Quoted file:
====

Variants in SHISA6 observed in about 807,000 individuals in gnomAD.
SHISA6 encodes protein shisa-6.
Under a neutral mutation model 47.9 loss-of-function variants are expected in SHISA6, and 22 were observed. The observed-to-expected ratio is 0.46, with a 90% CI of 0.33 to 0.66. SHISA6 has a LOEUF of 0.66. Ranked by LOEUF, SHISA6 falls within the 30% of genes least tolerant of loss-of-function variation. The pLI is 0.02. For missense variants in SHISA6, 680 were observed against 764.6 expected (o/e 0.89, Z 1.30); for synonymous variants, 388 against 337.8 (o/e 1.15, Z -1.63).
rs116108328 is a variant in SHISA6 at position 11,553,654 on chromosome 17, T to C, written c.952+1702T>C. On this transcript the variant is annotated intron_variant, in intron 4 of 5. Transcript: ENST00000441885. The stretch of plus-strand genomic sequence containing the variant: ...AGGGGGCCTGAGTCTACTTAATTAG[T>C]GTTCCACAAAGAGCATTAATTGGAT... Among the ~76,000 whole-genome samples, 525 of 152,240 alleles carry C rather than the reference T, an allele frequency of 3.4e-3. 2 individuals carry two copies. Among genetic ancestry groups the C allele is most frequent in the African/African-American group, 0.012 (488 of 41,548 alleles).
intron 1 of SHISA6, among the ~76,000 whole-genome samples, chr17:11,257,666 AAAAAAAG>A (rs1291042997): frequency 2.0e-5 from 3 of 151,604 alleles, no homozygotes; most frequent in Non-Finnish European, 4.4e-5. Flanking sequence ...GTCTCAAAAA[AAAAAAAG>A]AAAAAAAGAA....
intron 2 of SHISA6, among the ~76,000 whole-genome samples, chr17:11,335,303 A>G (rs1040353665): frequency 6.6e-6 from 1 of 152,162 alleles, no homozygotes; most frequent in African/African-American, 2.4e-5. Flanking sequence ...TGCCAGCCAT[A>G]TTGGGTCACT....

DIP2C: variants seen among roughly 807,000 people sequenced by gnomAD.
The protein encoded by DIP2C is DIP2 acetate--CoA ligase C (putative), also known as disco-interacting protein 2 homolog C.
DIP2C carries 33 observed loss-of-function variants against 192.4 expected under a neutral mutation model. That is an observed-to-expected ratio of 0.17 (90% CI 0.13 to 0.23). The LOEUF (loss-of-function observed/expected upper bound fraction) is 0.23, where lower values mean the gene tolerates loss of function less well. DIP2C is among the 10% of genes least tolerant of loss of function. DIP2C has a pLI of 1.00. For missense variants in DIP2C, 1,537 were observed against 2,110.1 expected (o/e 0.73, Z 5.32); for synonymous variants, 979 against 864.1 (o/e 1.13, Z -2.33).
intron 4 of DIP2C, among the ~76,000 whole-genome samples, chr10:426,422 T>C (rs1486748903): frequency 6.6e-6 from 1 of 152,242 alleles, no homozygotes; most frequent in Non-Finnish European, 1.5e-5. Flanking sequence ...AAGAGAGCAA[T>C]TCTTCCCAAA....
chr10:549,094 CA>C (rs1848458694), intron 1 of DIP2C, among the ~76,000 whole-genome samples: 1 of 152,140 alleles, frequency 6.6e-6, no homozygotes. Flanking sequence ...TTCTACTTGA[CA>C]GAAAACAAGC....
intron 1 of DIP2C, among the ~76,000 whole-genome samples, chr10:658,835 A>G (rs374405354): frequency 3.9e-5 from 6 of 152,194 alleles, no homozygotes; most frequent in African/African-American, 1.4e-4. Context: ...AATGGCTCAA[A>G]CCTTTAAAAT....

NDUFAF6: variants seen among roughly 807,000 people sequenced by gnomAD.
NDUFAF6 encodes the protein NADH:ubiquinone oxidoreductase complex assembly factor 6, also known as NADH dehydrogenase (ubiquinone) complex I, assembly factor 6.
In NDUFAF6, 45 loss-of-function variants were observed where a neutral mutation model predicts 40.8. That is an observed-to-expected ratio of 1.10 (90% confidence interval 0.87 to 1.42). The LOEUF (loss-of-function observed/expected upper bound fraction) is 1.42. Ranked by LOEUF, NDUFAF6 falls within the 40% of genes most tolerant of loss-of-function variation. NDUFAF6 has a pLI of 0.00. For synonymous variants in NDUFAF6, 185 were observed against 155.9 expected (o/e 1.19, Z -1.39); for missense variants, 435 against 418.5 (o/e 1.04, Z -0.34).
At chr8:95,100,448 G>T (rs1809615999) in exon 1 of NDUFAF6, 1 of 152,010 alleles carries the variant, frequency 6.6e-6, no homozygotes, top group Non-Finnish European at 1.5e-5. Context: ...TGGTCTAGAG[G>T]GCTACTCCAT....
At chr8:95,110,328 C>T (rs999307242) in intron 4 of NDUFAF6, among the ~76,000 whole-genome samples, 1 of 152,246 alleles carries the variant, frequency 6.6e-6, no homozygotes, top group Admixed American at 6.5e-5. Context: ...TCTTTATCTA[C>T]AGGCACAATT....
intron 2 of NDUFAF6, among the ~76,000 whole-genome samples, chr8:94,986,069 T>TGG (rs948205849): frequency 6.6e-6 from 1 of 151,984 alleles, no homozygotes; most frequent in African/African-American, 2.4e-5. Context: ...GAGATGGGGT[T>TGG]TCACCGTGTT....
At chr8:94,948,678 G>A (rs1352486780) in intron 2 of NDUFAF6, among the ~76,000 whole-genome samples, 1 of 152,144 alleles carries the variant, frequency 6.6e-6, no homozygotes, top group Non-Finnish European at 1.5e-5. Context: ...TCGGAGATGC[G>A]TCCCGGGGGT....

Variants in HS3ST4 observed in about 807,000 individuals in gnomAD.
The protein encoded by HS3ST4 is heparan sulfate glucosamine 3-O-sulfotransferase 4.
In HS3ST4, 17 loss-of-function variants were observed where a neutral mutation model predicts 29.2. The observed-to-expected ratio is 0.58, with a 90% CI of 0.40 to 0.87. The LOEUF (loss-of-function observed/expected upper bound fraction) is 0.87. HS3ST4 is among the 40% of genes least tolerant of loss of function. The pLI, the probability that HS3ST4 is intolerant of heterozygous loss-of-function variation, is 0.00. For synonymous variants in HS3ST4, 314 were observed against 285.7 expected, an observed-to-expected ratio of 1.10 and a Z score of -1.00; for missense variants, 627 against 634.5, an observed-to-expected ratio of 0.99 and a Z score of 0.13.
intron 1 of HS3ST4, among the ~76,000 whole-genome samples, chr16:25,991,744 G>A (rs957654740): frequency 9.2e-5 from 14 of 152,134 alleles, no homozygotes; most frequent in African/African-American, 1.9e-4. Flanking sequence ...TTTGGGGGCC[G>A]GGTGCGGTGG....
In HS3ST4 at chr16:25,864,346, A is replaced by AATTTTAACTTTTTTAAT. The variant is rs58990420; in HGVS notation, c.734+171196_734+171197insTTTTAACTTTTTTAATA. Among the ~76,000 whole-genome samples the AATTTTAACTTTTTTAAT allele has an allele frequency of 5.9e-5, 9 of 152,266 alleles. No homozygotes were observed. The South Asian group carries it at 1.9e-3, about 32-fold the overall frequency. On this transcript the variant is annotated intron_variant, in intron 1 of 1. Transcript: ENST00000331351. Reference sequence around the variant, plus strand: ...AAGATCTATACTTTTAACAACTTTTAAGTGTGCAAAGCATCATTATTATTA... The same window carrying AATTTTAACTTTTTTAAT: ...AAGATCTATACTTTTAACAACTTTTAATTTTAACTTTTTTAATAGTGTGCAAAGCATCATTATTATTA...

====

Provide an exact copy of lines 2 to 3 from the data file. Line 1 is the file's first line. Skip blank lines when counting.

SHISA6 encodes protein shisa-6.
Under a neutral mutation model 47.9 loss-of-function variants are expected in SHISA6, and 22 were observed. The observed-to-expected ratio is 0.46, with a 90% CI of 0.33 to 0.66. SHISA6 has a LOEUF of 0.66. Ranked by LOEUF, SHISA6 falls within the 30% of genes least tolerant of loss-of-function variation. The pLI is 0.02. For missense variants in SHISA6, 680 were observed against 764.6 expected (o/e 0.89, Z 1.30); for synonymous variants, 388 against 337.8 (o/e 1.15, Z -1.63).